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Beef talks crucial to S Korean government's crisis control
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Progress in the extended talks between the top trade officials of South Korea and the United States remains critical to President Lee Myung-bak's political efforts to avert a domestic crisis in Seoul with opponents increasingly seeking his ouster, analysts said Tuesday.

Lee, whose approval ratings have fallen below 20 percent in some media polls, is closely monitoring the talks between his trade minister Kim Jong-hoon and US Trade Representative Susan Schwab in Washington, Yonhap news agency reported.

The meetings apparently ruptured on Sunday after the two sides failed to make substantial progress on revising an April 18 agreement to reopen South Korea's market almost entirely to US beef imports.

The deal has since sparked massive protests across South Korea, culminating in a June 10 rally in Seoul where 80,000 people demanded renewed talks to address fears of mad cow disease and called on President Lee to take responsibility and resign.

Even though no American or Korean has died from eating American beef, opponents say the deal, which they claim was part of a hastily arranged political package for an April summit between Lee and his US counterpart George W. Bush allows beef parts from aged cows most susceptible to the brain-wasting disease.

The political woes further deepened in the last several days after industrial labor unions went ahead with nationwide strikes over rising fuel costs, impeding activities at major ports and construction sites.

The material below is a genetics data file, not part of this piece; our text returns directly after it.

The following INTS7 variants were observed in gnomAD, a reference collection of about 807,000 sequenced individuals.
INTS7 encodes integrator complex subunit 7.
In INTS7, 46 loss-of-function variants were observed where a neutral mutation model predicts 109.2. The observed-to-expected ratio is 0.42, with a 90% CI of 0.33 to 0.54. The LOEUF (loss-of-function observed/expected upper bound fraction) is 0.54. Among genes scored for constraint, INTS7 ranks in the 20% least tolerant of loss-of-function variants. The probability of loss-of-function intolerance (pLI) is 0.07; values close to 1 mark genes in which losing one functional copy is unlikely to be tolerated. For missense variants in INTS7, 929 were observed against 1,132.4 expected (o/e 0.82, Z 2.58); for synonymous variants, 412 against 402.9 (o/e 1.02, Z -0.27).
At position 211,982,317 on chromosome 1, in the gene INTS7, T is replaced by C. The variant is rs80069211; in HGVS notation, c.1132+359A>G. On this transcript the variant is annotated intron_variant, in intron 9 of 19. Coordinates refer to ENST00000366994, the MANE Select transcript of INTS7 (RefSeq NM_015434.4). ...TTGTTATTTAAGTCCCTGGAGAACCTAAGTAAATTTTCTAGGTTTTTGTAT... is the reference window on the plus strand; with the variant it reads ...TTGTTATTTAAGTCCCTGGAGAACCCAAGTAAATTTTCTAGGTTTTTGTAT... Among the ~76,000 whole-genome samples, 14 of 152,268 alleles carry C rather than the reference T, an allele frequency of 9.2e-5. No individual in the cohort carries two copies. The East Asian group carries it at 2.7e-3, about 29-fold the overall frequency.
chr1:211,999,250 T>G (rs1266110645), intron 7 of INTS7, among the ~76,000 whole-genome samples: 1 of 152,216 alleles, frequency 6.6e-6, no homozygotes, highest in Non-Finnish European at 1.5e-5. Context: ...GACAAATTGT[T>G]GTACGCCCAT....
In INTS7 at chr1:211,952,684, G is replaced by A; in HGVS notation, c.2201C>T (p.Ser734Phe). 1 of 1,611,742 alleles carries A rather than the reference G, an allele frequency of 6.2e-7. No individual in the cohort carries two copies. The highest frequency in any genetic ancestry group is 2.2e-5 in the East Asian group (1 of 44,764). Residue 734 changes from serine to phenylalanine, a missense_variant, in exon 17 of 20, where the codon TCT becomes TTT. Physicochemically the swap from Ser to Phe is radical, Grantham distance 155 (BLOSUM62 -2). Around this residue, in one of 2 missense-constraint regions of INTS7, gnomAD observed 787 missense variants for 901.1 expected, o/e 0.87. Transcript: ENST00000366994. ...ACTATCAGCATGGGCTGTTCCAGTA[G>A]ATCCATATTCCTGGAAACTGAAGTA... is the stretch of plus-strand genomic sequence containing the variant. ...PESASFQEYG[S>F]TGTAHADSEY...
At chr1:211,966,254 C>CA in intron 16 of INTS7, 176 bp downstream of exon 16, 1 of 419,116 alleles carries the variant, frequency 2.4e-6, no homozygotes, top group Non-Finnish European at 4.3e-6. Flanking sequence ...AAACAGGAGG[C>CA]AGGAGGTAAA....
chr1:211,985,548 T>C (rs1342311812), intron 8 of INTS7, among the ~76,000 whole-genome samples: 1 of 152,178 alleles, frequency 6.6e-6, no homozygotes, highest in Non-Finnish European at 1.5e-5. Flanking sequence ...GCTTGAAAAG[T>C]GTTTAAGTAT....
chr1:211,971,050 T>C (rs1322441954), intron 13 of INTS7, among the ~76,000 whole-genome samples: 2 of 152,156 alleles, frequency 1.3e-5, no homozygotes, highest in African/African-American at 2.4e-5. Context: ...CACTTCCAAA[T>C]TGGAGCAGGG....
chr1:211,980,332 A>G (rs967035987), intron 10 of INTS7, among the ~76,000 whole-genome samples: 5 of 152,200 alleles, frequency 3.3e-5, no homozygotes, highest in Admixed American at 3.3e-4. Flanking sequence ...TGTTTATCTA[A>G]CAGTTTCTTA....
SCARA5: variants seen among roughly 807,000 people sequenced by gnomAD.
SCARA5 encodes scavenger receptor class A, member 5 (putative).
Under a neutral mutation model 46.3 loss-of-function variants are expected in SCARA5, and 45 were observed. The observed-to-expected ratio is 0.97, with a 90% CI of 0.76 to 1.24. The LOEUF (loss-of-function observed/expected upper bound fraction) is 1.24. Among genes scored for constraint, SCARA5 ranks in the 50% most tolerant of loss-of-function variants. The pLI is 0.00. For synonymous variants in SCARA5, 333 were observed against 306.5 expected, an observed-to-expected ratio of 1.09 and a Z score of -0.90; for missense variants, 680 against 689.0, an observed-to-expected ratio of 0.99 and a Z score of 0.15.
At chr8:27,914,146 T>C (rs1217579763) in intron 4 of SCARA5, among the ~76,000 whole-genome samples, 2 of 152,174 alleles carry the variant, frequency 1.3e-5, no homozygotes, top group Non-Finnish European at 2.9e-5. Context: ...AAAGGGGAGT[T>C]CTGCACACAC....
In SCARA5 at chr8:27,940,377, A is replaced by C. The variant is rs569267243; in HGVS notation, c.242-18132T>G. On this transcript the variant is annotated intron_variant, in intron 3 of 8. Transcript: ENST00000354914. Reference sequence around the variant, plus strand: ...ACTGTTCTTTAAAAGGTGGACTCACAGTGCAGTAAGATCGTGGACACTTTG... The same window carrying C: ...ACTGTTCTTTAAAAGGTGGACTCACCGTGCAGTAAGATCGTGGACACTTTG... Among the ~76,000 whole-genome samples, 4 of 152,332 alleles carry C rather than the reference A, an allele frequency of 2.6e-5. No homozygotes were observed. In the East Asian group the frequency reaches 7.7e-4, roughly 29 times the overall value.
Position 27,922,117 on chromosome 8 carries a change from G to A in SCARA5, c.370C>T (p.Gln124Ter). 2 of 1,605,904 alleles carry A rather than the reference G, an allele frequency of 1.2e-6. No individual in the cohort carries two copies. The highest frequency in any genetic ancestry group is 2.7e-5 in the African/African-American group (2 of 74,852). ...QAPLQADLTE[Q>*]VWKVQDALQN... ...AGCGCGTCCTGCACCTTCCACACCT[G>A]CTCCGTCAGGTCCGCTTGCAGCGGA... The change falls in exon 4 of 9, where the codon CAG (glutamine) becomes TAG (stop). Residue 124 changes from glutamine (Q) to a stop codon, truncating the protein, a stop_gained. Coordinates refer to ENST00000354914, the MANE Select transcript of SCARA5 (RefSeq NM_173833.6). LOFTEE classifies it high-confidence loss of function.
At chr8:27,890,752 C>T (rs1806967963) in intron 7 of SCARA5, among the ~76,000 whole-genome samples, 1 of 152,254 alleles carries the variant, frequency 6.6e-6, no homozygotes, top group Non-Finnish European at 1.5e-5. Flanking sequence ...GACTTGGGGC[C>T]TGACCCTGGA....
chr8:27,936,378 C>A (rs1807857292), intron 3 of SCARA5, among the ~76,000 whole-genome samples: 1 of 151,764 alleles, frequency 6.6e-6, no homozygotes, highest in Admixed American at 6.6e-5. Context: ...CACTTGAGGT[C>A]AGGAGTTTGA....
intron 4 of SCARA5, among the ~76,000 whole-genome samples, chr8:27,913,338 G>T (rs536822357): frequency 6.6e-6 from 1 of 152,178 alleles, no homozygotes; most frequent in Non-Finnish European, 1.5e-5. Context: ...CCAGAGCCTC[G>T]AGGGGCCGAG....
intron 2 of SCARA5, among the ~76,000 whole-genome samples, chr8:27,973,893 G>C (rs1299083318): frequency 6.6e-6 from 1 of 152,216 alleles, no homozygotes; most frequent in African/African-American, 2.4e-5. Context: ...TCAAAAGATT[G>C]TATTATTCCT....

On Tuesday, South Korean and US officials said they have decided to extend the talks in Washington aimed at revising the April agreement to restrict imports of beef from cattle over 30 months old.

"It's likely Lee will link progress in the talks with his plans to reshuffle his aides here," Kim Sung-joo, a political analyst, said, referring to a series of resignations recently offered by Cabinet members and top presidential advisors over the turmoil.

"The less successful the outcome, the more extensive the reshuffling is likely to be," Kim said.

Washington has repeatedly dismissed the chances of renegotiation, saying American beef remains safe because of an effective inspection system. Lee has also noted reworking the April deal would lead to unspecified economic losses for the country that is largely dependent on international trade.

Seoul hopes that Washington will instead endorse a voluntary export ban on beef from older animals, while Washington fears such a policy could undermine its international standing.

(Xinhua News Agency June 17, 2008)

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